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Inside Intuit: How the Makers of Quicken Beat Microsoft and Revolutionized an Entire Industry Hardcover – September 4, 2003
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The two authors seem almost too infatuated with the story of Intuit to be fully objective about the company. It is a great US business story......typical start-up in a garage and the age-old entertaining saga of David versus Goliath with Intuit versus Microsoft.
I really found the section describing the purchase of Turbotax too complicated in terms of the strategy and use of options. Sorry, I only have an Engineering degree and an MBA....and I found this explanation too difficult too follow. An simpler explanation in "English" would have been preferable.
My opinion is that if Intuit had sold out to Microsoft........it would have killed the Intuit products.........either by dropping them in favor or home grown Microsoft products....or lack of attention to the Intuit software.
I was one of the customers who could not get a copy of the 1994 TurboTax. I found it entertaining........though sad........that Intuit accidentally shipped an entire skid of software to one customer........the customer called Intuit........they shipped him an entire 2nd skid of software........and then the customer asked if he could at least remove 1 copy from the skid to do his taxes. I came very close to dumping turbotax on this escapade.
In 2008, Turbotax tried to limit the number of print copies the user could make with one copy of software. I, like many other users, print multiple returns because I do tax returns for many family members. Fortunately, the public ruckus raised got Intuit to drop this ill planned marketing policy.
I found it ironic that Intuit could not make any money selling financial planning software (e.g. retirement planning software). Customers told them they would buy it, but in reality did not. Intuit learned a lesson....record what customers do......not what they say. Of course, they should not have had to learn this lesson. US citizens get zero education on investing and retirement planning from our school system.......and are therefore not prepared to do financial planning. My 2009 Quicken does include a fairly decent retirement planning package...so at least it is still available.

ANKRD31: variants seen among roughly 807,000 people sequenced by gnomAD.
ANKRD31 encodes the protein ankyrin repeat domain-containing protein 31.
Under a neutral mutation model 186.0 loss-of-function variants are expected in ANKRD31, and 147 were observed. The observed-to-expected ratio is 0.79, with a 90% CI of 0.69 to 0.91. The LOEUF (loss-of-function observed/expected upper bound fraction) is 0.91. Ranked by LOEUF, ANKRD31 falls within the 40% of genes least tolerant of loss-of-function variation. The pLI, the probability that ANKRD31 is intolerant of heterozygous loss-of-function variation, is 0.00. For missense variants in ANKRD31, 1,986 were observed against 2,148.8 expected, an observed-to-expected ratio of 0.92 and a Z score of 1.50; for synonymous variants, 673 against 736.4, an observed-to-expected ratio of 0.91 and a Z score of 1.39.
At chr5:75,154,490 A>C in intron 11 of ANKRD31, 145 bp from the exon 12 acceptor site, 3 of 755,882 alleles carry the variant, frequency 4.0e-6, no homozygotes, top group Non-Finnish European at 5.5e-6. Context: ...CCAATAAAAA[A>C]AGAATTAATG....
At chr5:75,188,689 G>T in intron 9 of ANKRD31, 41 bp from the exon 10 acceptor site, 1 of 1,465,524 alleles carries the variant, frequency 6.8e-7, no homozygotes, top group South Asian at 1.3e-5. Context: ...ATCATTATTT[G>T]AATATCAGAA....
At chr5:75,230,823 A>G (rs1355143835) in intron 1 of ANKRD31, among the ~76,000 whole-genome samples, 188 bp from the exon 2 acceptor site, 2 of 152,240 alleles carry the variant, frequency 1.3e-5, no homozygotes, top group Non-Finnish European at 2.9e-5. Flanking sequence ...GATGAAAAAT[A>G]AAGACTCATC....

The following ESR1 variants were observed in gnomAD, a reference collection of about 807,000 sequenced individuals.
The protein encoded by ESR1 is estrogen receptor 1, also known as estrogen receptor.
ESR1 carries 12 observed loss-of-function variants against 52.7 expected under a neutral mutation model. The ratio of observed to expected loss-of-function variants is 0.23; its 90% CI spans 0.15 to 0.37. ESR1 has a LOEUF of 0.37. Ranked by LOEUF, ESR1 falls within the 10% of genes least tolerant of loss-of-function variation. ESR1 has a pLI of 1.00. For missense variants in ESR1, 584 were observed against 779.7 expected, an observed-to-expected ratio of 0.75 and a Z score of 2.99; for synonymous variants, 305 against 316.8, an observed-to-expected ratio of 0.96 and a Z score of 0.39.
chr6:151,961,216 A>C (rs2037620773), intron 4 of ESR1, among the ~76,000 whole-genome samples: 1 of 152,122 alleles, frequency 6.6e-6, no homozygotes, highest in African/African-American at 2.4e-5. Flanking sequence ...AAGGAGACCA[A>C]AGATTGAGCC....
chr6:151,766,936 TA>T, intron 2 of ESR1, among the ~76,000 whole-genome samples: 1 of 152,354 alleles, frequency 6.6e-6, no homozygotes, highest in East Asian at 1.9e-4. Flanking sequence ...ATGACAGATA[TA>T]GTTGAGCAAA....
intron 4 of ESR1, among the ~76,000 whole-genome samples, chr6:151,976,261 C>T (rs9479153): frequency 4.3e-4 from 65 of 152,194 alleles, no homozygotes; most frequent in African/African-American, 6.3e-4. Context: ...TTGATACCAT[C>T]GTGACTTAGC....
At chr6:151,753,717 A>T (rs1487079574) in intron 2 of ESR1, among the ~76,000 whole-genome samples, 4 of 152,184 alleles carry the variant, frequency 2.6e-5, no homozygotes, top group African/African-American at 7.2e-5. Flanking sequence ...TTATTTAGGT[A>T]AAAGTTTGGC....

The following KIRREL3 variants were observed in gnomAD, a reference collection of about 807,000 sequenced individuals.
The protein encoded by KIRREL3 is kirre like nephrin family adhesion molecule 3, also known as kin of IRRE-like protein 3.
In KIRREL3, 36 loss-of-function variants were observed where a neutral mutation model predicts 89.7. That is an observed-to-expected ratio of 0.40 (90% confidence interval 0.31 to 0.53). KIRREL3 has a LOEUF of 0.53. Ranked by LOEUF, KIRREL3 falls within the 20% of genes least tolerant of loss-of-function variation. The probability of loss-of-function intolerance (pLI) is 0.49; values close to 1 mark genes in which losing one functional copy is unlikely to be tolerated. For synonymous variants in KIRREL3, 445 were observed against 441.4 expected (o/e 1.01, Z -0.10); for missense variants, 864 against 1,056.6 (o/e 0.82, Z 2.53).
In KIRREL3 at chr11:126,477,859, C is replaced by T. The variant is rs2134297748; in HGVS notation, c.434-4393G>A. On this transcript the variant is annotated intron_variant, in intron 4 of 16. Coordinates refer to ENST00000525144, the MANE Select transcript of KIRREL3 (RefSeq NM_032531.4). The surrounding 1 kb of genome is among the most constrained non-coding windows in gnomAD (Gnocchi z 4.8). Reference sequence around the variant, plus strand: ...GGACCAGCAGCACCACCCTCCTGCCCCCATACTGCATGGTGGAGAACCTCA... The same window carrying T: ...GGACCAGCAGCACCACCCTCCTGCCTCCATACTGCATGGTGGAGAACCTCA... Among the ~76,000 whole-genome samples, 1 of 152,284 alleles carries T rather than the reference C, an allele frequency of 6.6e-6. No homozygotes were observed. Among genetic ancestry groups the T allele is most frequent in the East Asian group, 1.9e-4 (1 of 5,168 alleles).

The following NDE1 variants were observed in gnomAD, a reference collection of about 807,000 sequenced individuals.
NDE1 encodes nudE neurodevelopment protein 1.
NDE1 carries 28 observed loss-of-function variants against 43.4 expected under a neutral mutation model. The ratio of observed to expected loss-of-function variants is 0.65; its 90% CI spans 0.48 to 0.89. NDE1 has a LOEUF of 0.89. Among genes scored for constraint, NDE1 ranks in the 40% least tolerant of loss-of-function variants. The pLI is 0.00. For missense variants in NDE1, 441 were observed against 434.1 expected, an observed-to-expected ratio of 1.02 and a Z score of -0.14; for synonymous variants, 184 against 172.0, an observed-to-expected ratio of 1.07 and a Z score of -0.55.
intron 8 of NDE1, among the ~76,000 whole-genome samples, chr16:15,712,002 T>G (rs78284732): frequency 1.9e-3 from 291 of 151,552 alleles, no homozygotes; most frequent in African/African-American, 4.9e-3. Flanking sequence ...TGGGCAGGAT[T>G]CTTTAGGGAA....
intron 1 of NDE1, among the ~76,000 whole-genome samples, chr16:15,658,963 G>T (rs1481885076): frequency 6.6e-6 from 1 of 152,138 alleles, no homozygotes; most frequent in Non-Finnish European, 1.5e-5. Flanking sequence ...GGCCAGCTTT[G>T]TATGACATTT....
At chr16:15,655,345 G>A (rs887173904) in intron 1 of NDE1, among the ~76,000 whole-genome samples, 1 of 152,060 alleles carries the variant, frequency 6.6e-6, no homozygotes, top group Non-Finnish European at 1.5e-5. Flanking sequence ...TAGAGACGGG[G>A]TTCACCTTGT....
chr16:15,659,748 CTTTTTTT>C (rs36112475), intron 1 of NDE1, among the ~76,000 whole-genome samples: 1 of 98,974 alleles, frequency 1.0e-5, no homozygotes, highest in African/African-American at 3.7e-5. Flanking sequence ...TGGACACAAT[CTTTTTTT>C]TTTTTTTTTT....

It is interesting to remember how so many companies (including Intuit) struggled with what strategy to use when the Internet went live back in 1994 to the public. Intuit floundered and wasted money like many other companies did at that time.
With 78 million Baby Boomers starting retirement in 2008 (1946 + 62 = 2008), I wonder why Intuit has not added on a Social Security optimization package to Quicken. It is challenging to figure out the optimum plan for a husband and wife to begin drawing SS. Should the wife start first at 62, then the husband waits until 67 so when the husband passes away first, the wife gets his higher monthly benefit? Or should the husband start withdrawing at 62, then pay back the benefits at 67 and start a higher monthly withdrawal? Seems like a common optimization problem that could be modeled as an add-on to Quicken.
All-in-all a good read on a company that succeeds......even against Microsoft. I would have liked the authors to have been a little more balanced (with respect to the several major customer problems caused by Intuit) with their view of the company.